Shashi Kapoor made Ajooba (1991) with a galaxy of stars led by Amitabh Bachchan. The film, which cost Rs 8 crore, was made in association with Moscow’s Gorky Studios. Though Bachchan did the film for free, Kapoor managed to recover only half the cost and soon shut down his production house.
One of the everlasting themes in Indian cinema is the rags to riches story, and often vice versa. This is Bollywood’s inspiration from itself. A single film can take its lead actor to the rarefied league of superstar and one big flop is enough to reduce the filmmaker to penury and send the actor to obscurity. In Mumbai’s tinsel town, you are only as good as your last hit.
But what and who succeeds in Bollywood remains one of India’s greatest unpredictables, which explains why stars and filmmakers trek with offerings to Tirupati and Ajmer before big-ticket releases and cross their fingers on the opening Friday. It also explains the recent trend of weird spellings, courtesy numerology. Spelling cool as kool may give you a modest hit once, it’s no guarantee the sequel will work.
In an industry that prvoduces around 200 films a year, the established hit-flop ratio is 20:80, but that’s as far as the formula works. Big stars with stellar scripts can drag a film into debt while a run-of-the-mill offering becomes the matinee favourite. “If one could predict what will click, why would anyone make a flop?’’ says film writer and author Pradeep Chandra, who has observed the industry for over three decades.
Manmohan Desai thought he had worked out the masala formula in the 70s and 80s—the right amount of comedy, tragedy, drama and songs. It worked well for him from Amar Akbar Anthony through Naseeb, Coolie and Mard, catapulting Amitabh Bachchan into superstardom. But a “formula’’ can only work for that long, and it ultimately resulted in Ganga Jamuna Saraswati. At what time the public decides to reject the formula remains unpredictable. Incidentally, this film also put to rest a theory that a film with the name Ganga in its title would be an assured hit. Right from Jis Des Mein Ganga Behti Hai through Ganga Jamuna to Ram Teri Ganga Maili, the word Ganga did seem like a mantra of success.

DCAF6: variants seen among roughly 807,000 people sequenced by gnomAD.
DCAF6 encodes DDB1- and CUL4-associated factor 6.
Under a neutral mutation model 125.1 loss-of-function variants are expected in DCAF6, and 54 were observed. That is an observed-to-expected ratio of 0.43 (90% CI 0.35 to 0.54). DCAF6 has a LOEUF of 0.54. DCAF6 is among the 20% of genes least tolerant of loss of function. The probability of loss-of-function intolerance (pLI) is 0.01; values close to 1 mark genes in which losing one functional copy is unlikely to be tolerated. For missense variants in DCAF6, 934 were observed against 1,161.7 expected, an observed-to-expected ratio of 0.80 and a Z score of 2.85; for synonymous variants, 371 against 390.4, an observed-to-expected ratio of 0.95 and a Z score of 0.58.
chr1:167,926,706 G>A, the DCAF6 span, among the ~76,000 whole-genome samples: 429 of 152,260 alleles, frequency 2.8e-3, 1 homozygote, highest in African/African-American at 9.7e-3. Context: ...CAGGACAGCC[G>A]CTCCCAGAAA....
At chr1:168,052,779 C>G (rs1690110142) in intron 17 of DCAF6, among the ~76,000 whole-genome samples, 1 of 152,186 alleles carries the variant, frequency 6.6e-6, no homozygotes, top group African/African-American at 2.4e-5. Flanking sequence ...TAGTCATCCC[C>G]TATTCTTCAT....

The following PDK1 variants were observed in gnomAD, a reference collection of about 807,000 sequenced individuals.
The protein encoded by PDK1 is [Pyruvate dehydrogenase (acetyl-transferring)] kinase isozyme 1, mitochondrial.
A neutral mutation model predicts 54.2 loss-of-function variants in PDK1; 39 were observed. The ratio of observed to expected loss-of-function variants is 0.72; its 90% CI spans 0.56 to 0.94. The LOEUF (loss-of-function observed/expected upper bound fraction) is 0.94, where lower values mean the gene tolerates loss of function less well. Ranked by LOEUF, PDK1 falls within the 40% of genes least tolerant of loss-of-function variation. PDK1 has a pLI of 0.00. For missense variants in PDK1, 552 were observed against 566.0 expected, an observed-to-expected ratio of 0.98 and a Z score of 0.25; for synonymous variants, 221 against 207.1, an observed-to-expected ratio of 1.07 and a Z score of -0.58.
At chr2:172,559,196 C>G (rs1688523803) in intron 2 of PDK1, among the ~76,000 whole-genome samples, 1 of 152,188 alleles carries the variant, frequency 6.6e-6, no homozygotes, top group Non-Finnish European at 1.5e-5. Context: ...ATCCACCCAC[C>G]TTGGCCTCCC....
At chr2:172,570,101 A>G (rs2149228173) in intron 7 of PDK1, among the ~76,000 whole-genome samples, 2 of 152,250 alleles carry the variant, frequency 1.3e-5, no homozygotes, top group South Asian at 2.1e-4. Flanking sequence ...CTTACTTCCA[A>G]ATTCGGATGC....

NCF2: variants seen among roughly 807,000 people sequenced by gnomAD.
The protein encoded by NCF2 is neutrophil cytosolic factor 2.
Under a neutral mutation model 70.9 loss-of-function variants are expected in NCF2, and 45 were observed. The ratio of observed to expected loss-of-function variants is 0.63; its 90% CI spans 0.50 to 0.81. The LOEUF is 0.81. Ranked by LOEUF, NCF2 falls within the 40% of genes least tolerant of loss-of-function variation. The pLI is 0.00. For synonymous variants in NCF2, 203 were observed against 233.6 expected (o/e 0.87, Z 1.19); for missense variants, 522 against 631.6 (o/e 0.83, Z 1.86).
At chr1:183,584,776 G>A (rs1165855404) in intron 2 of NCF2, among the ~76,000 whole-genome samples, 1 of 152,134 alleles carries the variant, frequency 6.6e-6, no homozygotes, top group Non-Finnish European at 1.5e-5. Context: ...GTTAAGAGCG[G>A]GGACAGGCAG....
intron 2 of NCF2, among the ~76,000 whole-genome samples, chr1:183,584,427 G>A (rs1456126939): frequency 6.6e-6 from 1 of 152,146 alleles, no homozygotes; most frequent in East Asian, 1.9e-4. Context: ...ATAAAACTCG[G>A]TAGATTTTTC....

A big star alone doesn’t a hit make, that’s established. Else why would method actor Aamir Khan flop in Dhoom and Talaash, despite the homework he reportedly puts in? Script, they say, is king. But take a look at the scripts of some Hindi blockbusters and compare them with those of certain flops, and you’ll begin wondering all over again.
Freshness, by way of faces, story lines and treatment, is always welcome, but it doesn’t ensure anything. For every first-film wonders like Aamir Khan and Hrithik Roshan are scores who came and disappeared without making any imprint on the cinemascape.
Good music is always something to fall back on, the 60s is still remembered as the decade of melody. But a good song is no guarantee of a hit, either. Remember the number Chalte chalte mere yeh geet yaad rakhna. Now try recalling the film or the hero’s name.
So is it smart packaging and an advertising blitzkrieg that does the trick? Filmmakers, in their desire to enter the 100-crore club, nowadays scramble together music sales, DVD sales, television rights and numerous other verticals to arrive at the coveted figure. They’ll even show ‘houseful’ signs at limited seater multiplexes and loudly proclaim to have made a hit. Because you are only as good as your last hit. But everyone knows that a picture is a hit when front benches are crammed, wolf whistles rent the air and black marketeers outside the theatre do brisk business. It’s a hit when it spawns a style trend and you see every other girl wearing a white-and-green Madhuri style lehenga. When everyone from the roadside tapori to the swank collegian spout one-liners from the film. Kitne aadmi the? Or when the most banal lyrics reach cult status. Aati kya khandala? Only kismet can assure that, but kismet in Bollywood is more elusive than the snitch in quidditch.